Fraser: Find a topic that you sincerely believe in, then write. So many people talk about getting things done, but never follow through. When my teacher told our class about the Award, I went up to her at the break and said "I am going to win this." She said, a little hesitantly, "Well, put your entry in and see what happens". I responded, "Ok, but I am going to win. For sure." I think I told my parents that I would win before I even knew what I was going to write about. People call that arrogance, but I believe it's important to have confidence in your abilities to do a job, whatever that job happens to be.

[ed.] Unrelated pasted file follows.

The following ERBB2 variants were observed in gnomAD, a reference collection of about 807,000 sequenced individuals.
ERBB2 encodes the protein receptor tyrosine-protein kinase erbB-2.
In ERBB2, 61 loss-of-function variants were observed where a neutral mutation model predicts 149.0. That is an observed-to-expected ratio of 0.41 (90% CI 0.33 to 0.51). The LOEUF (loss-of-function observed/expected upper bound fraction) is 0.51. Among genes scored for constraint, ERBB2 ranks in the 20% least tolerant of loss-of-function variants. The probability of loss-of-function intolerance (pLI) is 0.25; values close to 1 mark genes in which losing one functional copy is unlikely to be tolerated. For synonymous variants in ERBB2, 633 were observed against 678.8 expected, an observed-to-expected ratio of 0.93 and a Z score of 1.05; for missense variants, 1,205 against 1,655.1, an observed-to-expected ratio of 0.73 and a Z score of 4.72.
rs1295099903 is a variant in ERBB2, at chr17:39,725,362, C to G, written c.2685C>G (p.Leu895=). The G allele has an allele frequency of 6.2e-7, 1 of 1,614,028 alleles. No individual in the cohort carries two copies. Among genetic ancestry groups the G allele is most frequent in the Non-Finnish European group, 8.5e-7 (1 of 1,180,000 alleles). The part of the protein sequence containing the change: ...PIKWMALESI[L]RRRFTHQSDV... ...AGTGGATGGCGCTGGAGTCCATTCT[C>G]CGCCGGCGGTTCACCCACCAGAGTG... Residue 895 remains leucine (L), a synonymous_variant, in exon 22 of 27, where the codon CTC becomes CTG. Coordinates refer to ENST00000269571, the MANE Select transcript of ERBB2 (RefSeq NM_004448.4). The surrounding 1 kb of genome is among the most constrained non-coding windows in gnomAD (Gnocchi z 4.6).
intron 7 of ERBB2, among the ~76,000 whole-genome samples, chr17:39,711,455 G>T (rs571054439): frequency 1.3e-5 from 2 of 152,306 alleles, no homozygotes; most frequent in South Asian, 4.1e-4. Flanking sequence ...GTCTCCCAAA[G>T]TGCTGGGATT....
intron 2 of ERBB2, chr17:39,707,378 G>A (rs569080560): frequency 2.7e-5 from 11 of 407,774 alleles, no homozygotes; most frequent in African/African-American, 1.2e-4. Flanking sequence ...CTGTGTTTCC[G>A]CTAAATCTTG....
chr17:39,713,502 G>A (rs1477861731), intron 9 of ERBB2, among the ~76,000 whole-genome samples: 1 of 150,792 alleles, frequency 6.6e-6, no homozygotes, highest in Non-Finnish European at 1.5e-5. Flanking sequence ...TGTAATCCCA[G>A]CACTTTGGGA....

Matthieu: The most important thing, of course, is to read the essays of past winners. This will give you a good idea of what the awards committee is looking for, and also of subjects that have been previously explored. Next, take a look at the judges and note their backgrounds and professions. I don't mean to say that you need to cater to their sympathies, but it might help you choose how to write your essay. In this case, after reading about the selection committee, I decided to eschew a hardcore academic style (even though some of the past winning essays were written in this style) and write something more similar to what you might find in the Op-Ed section of a newspaper. It's a more comfortable style for 2,000 words, for me at least, and I felt confident that the judges wouldn't punish me for it.